02 November 2008

The Sunday Whip

Admit it, you've not quite known what to do with yourselves the last two weeks, have you? I know I've been wandering about in a daze. And if any of you even think about saying that that's a normal state of affairs for me, then there'll be trouble!

Anyway. This has been a very successful week for the Government, though there has been lots of oddness about it. So read on, kids, for this is the week of the most sparsely populated Chamber at Decision Time since the Election; the amendment with the lowest number of MSPs supporting it certainly in this Session of the Parliament and perhaps in its nine-year history; a possible Register of Interests situation; that all-too-rare beast, a Green amendment; and a challenge to the Business Motion.

So, with this post sufficiently hyped up, Wednesday delivered a rather thin atmosphere on account of the number of absentees. And seeing as most of them were from Labour, I'll only mention the party affiliation of the one who wasn't:

Jackie Baillie (Dumbarton), Shadow Education Secretary Rhona Brankin (Midlothian), Bill Butler (Glasgow Anniesland), Malcolm Chisholm (Edinburgh North & Leith), Shadow Cabinet Secretary for Being Locked In A Darkened Room Margaret Curran (Glasgow Baillieston), Patricia Ferguson (Glasgow Maryhill), Shadow Rural Development Minister Karen Gillon (Clydesdale, on maternity leave), Marlyn Glen (North East Scotland), Trish Godman (West Renfrewshire), Shadow Finance Secretary Andy Kerr (East Kilbride), Marilyn Livingstone (Kirkcaldy), Shadow Transport Minister Des McNulty (Clydebank & Milngavie), Irene Oldfather (Cunninghame South), Shadow Economy & Skills Minister John Park (Mid Scotland & Fife, serving a three-match ban for violent conduct), Cathy Peattie (Falkirk East), Elaine Smith (Coatbridge & Chryston) and LibDem Culture Spokesman Iain Smith (North East Fife).

So what did they miss? Well, they missed the LibDems quibble over a Business Motion inserting a statement informing MSPs of the Teacher Emplyment Working Group Report. Their complaints fell on deaf ears as the motion passed by 65 (SNP/Tory Green votes) to 45 (Labour/LibDem) with one (Margo!) abstention.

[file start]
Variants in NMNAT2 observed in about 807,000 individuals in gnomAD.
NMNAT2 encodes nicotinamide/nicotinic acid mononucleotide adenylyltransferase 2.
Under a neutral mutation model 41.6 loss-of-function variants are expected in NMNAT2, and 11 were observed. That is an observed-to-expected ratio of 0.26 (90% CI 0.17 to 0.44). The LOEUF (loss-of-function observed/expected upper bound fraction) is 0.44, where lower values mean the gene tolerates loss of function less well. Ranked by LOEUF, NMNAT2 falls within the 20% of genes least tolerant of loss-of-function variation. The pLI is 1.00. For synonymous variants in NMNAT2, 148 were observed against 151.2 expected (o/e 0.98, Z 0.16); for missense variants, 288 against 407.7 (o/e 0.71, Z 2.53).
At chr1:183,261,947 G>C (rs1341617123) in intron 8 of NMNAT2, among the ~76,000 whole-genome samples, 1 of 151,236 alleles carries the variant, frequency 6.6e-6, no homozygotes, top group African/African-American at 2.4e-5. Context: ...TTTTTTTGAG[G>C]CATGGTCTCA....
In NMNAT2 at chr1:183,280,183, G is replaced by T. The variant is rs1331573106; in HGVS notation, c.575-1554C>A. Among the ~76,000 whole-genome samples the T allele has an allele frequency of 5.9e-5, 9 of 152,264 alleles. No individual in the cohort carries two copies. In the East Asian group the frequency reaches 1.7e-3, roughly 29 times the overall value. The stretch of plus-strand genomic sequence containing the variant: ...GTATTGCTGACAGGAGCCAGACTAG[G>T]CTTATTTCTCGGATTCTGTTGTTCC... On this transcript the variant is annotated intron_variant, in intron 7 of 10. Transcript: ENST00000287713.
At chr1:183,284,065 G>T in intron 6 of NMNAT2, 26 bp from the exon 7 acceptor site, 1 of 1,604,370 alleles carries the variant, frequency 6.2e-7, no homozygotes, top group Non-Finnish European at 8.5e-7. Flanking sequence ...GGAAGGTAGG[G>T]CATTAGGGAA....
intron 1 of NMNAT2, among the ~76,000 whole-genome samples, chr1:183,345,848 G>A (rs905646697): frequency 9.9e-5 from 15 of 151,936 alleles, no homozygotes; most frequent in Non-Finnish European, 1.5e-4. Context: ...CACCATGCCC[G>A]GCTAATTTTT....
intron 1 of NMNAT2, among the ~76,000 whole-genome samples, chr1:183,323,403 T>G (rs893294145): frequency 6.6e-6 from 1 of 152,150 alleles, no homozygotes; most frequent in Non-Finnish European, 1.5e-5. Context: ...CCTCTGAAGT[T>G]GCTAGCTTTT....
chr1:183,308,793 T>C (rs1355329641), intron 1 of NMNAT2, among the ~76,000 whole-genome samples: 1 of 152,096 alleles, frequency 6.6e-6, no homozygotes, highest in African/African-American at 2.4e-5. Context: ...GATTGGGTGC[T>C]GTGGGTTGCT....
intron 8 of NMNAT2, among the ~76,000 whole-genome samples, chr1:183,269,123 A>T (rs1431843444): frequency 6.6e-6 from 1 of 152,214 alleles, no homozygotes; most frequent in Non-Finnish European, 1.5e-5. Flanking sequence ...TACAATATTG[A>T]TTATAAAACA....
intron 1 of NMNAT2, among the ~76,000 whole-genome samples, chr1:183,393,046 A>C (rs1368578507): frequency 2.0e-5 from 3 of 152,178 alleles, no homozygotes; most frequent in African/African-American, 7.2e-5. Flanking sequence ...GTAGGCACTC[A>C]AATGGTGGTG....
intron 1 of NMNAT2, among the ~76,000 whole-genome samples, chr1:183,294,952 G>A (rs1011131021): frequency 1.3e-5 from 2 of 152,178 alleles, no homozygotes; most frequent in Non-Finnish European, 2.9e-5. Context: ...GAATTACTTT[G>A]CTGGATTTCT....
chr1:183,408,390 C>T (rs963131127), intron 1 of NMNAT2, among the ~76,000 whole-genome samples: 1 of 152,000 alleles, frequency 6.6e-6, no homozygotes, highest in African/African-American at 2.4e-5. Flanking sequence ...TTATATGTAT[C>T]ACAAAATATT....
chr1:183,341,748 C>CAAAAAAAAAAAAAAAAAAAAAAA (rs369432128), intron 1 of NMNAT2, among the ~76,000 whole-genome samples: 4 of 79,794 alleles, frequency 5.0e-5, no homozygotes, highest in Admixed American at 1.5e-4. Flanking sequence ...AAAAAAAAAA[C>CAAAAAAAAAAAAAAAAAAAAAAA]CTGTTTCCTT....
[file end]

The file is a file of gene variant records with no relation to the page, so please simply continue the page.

The other Business Motion, setting out the schedule for next week, passed on the nod, as did a motion setting out the timetable for the Education (Additional Support for Learning) (Scotland) Bill.

At Decision Time proper, there was a Government motion on the British-Irish Council up for a vote. The Labour amendment fell by 65 (SNP/LD/Green/Margo) to 46 (Labour/Tory) votes, and the motion itself passed by 65 (the same combination) to 30 (Labour's depleted ranks) with 16 Tory abstentions:

That the Parliament acknowledges the successful summit meeting of the British-Irish Council at Hopetoun House; notes the outcomes of the summit in relation to demography, energy and the ongoing business of the Council; notes also that the Council gave consideration to the global economic situation; believes that the Council is an invaluable forum for strengthening intergovernmental relationships; supports the Scottish ministers' proposal to lead a workstream on renewable energy, and encourages them to continue to support the Council in addressing issues of real and common concern.

Following that, it was SSI time, and the Mental Health (England and Wales Cross-border transfer: patients subject to requirements other than detention) (Scotland) Regulations 2008 was waved through.